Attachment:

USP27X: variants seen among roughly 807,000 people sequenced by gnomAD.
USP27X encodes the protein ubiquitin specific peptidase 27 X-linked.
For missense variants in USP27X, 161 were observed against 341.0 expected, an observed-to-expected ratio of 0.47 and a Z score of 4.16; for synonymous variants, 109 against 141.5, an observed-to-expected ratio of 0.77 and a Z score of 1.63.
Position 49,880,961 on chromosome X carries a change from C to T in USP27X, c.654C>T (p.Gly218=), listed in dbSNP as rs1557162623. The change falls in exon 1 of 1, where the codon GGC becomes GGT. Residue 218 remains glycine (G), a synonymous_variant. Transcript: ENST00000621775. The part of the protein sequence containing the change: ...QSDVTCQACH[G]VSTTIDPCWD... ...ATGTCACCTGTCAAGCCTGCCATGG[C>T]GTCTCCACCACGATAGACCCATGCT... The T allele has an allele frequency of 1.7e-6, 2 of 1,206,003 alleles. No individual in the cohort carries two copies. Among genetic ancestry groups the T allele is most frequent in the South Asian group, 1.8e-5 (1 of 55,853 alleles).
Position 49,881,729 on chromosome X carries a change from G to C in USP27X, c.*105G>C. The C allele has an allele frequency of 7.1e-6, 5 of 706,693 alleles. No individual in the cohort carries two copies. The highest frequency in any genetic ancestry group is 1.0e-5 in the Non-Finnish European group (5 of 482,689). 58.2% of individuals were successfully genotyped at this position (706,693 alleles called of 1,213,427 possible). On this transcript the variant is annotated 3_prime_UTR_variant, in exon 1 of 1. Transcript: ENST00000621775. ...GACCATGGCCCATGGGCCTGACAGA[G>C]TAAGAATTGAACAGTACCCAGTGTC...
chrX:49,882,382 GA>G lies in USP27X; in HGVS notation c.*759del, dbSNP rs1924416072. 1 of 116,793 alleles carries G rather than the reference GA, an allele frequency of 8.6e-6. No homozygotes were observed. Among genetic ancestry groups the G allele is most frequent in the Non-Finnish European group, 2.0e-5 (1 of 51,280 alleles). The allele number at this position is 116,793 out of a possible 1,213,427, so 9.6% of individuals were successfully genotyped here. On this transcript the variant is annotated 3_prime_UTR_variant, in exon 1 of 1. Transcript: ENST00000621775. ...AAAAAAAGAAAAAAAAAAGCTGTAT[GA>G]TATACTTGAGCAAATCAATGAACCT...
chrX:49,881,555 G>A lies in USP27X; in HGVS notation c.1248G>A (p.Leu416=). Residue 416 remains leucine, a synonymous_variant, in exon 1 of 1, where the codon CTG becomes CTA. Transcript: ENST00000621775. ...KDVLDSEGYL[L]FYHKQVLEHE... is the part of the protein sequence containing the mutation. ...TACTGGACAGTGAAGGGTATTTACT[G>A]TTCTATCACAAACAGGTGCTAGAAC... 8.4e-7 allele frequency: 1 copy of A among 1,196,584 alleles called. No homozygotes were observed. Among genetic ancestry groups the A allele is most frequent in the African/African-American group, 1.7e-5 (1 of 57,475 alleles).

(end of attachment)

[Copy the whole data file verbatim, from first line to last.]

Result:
USP27X: variants seen among roughly 807,000 people sequenced by gnomAD.
USP27X encodes the protein ubiquitin specific peptidase 27 X-linked.
For missense variants in USP27X, 161 were observed against 341.0 expected, an observed-to-expected ratio of 0.47 and a Z score of 4.16; for synonymous variants, 109 against 141.5, an observed-to-expected ratio of 0.77 and a Z score of 1.63.
Position 49,880,961 on chromosome X carries a change from C to T in USP27X, c.654C>T (p.Gly218=), listed in dbSNP as rs1557162623. The change falls in exon 1 of 1, where the codon GGC becomes GGT. Residue 218 remains glycine (G), a synonymous_variant. Transcript: ENST00000621775. The part of the protein sequence containing the change: ...QSDVTCQACH[G]VSTTIDPCWD... ...ATGTCACCTGTCAAGCCTGCCATGG[C>T]GTCTCCACCACGATAGACCCATGCT... The T allele has an allele frequency of 1.7e-6, 2 of 1,206,003 alleles. No individual in the cohort carries two copies. Among genetic ancestry groups the T allele is most frequent in the South Asian group, 1.8e-5 (1 of 55,853 alleles).
Position 49,881,729 on chromosome X carries a change from G to C in USP27X, c.*105G>C. The C allele has an allele frequency of 7.1e-6, 5 of 706,693 alleles. No individual in the cohort carries two copies. The highest frequency in any genetic ancestry group is 1.0e-5 in the Non-Finnish European group (5 of 482,689). 58.2% of individuals were successfully genotyped at this position (706,693 alleles called of 1,213,427 possible). On this transcript the variant is annotated 3_prime_UTR_variant, in exon 1 of 1. Transcript: ENST00000621775. ...GACCATGGCCCATGGGCCTGACAGA[G>C]TAAGAATTGAACAGTACCCAGTGTC...
chrX:49,882,382 GA>G lies in USP27X; in HGVS notation c.*759del, dbSNP rs1924416072. 1 of 116,793 alleles carries G rather than the reference GA, an allele frequency of 8.6e-6. No homozygotes were observed. Among genetic ancestry groups the G allele is most frequent in the Non-Finnish European group, 2.0e-5 (1 of 51,280 alleles). The allele number at this position is 116,793 out of a possible 1,213,427, so 9.6% of individuals were successfully genotyped here. On this transcript the variant is annotated 3_prime_UTR_variant, in exon 1 of 1. Transcript: ENST00000621775. ...AAAAAAAGAAAAAAAAAAGCTGTAT[GA>G]TATACTTGAGCAAATCAATGAACCT...
chrX:49,881,555 G>A lies in USP27X; in HGVS notation c.1248G>A (p.Leu416=). Residue 416 remains leucine, a synonymous_variant, in exon 1 of 1, where the codon CTG becomes CTA. Transcript: ENST00000621775. ...KDVLDSEGYL[L]FYHKQVLEHE... is the part of the protein sequence containing the mutation. ...TACTGGACAGTGAAGGGTATTTACT[G>A]TTCTATCACAAACAGGTGCTAGAAC... 8.4e-7 allele frequency: 1 copy of A among 1,196,584 alleles called. No homozygotes were observed. Among genetic ancestry groups the A allele is most frequent in the African/African-American group, 1.7e-5 (1 of 57,475 alleles).